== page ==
Thursday, February 05, 2009

Urban First Aid for Kensington children and young people (Liverpool)

I was invited onto City Talk Radio tonight to talk about the ground-breaking project in my ward to teach children and young people about urban first aid.

Seven nurses from the Liverpool Royal Hospital have teamed up with the British Red Cross Society to offer what they are calling urban first aid to our kids.

They will learn how to tackle knife wounds and gun shot wounds, and also how to help their mates who are very drunk and have collapsed, so that they can do their bit befor paramedics arrive.

Obviously this scheme has its critics, there are those people out there who want to deny that such things happen and dont want our kids to learn what to do because this will damage their innocence. And because it should not be necessary.

On the other hand, supporters like me would say that while we hope our kids never need to apply those skills, it can only be to their benefit to be pre-warned and prepared should they find themselves in the situation of having to help friends or neighbours or indeed strangers that are injured in this way or have had far too much to drink.

Rhys Jones was with his pals when he was shot, Joseph Lappin was with his pals when he was stabbed and Anthony Walker was with his pals when he was violently attacked. Michael Causer, according to the ongoing court case, was with his friends when he was attacked, and he was taken outside and left on the pavement.

I have no idea whether any it would have made any difference in any of these cases if the pals had known what to do, but it might have, or if not, then it might have on other occasions with other young people.

What is obvious to me is that our kids can only benefit from knowing how to manage wounds - whether deliberate or accidental - you could fall on a fence post or railing for instance and need urgent care before the ambulance arrives.

And they all need to know what to do if a mate becomes insensible with drink, we all know that happens!

I also said on the radio that this is not a slur on Kensington, it is simply that the nurses live in Kensington and want to offer their skills to their own community first. If it is successful then they want to roll that out across the city.

I know that Richard and Ibrahim, whom I have met and talked to about this project, are very genuine in their desire to help young people and I think this is a ground-breaking, innovative project, typical of the way that we as a community tackle crime and anti-social behaviour in Kensington.

I took soundings from members of the As One steering group (tackling anti-social behaviour and finding youth diversionary activities in Kensington) this afternoon at our meeting before I went on to the radio and they were all very supportive. Residents, Police, LASBU, C7 wardens Kensington Regeneration Community Officers, LCC staff, RSLs, Business Crime Direct, Youth workers and all the other partners and agencies thought it was a great idea and are really behind it.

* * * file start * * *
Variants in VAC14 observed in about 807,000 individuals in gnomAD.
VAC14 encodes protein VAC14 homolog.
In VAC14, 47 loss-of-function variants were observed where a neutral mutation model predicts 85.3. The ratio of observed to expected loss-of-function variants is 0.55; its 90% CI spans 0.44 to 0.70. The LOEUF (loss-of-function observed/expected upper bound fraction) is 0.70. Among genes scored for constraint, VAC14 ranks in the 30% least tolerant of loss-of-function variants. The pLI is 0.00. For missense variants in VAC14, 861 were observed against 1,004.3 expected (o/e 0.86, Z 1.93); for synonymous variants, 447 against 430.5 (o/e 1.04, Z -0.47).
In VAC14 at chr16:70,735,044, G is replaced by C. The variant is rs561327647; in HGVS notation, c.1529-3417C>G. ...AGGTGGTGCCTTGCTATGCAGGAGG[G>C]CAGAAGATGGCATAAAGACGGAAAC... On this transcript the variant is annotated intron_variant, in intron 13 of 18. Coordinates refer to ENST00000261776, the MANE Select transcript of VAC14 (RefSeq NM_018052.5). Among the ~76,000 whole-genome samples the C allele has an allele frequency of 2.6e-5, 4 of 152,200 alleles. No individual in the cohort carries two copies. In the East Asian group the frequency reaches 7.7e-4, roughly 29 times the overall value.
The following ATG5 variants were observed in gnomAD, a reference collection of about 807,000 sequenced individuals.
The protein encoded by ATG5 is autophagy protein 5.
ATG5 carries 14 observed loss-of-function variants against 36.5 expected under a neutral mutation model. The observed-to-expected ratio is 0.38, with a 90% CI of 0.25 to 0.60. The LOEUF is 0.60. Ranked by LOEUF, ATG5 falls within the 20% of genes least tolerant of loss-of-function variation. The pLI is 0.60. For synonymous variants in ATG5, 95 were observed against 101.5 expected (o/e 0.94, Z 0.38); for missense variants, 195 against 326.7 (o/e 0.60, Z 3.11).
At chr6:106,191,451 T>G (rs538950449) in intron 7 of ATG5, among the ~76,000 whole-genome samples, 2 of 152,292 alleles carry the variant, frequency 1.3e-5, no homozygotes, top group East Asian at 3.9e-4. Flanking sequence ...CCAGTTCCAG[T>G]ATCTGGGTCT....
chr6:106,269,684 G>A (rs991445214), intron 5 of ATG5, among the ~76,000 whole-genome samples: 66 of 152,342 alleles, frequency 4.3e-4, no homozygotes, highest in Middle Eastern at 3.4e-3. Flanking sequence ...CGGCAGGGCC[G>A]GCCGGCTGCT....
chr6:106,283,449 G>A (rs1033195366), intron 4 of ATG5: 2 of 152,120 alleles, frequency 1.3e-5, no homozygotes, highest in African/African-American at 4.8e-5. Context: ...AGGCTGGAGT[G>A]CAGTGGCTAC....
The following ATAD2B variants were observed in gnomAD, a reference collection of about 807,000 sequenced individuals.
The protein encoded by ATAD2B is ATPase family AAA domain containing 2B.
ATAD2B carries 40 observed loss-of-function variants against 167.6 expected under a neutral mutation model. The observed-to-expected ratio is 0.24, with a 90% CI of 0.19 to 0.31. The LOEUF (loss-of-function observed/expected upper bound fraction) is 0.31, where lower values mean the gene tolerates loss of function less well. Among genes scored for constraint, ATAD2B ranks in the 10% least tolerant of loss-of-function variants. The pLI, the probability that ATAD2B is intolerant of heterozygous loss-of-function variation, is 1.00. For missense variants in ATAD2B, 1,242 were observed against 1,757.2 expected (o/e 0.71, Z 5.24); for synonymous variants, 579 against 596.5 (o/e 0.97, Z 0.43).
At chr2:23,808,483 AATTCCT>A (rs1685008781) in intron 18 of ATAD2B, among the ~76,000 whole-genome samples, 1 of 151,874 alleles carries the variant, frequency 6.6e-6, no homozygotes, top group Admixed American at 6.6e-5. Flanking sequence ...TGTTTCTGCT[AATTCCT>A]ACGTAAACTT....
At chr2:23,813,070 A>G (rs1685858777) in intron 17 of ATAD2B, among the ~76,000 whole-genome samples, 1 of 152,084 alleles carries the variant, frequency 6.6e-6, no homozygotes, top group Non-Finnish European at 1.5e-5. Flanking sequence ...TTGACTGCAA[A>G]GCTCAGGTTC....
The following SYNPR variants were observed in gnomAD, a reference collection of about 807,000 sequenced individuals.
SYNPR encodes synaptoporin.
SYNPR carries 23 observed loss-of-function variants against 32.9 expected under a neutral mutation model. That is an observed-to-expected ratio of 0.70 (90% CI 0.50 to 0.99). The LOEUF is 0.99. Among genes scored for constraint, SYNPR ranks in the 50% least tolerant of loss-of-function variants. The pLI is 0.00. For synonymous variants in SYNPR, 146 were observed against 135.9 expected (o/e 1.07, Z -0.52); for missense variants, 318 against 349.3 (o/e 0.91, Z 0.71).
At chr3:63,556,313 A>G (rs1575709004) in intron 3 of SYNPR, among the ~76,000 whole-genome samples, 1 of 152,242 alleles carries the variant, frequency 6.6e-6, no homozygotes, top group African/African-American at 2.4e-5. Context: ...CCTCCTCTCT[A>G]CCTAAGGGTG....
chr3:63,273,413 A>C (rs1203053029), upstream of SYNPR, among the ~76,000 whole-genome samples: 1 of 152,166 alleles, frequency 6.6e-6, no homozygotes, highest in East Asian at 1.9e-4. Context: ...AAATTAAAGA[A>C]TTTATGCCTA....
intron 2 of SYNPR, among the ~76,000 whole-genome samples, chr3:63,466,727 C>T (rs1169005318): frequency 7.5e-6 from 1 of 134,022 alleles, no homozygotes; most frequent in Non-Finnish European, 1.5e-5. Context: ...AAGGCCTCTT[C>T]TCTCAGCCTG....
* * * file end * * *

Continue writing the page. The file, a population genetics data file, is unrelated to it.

Sergeant Simon Joyce particularly asked me to stress that Kensington has seen a 28% reduction in crime over the last 3 years and that it is now the safest place to live in North Liverpool.

What do you think about this project?


scouseboy said...

I think this is an excellent initiative. If just one young life is saved as a result it will be worth it. Its just a pity that knife crime sadly happens far too often in today's society.

Louise Baldock said...

And I forgot to tell you what happened when I got there.

Are you familiar with the St John's Tower? It is a bit like the Post Office Tower, something like 450 feet tall. The radio stations (I think there are three there) transmit from the circular housing at the top of the tower.

I came in the front door, in the basement, more or less, and got in a lift with only 2 floors on the punch buttons, 1st or 2nd.

I think Gary Quinn and I got out at the first floor. We came out of the lift and into a corridor, where I am sorry to say I rocked back on my heels and clutched the wall next to me. We were hundreds of feet up in the air, the city laid out below us and the wall was glass from floor to ceiling. Now I could cope with the glass from about waist height upwards, but the glass that ran from my waist to my toes, allowing me to see all the way down, completely upset my equilibrity. I did get round the corridor and into the recording studio, but only because I was clutching onto the wall.
Oh the shame of vertigo! The views to the horizon were magnificent but the views to the ground were big time scary!

scouseboy said...

I thought you were made of stronger stuff Louise!!!

Stela Yordanova said...

Find out more about the wide range of first aid services and training at the British Red Cross on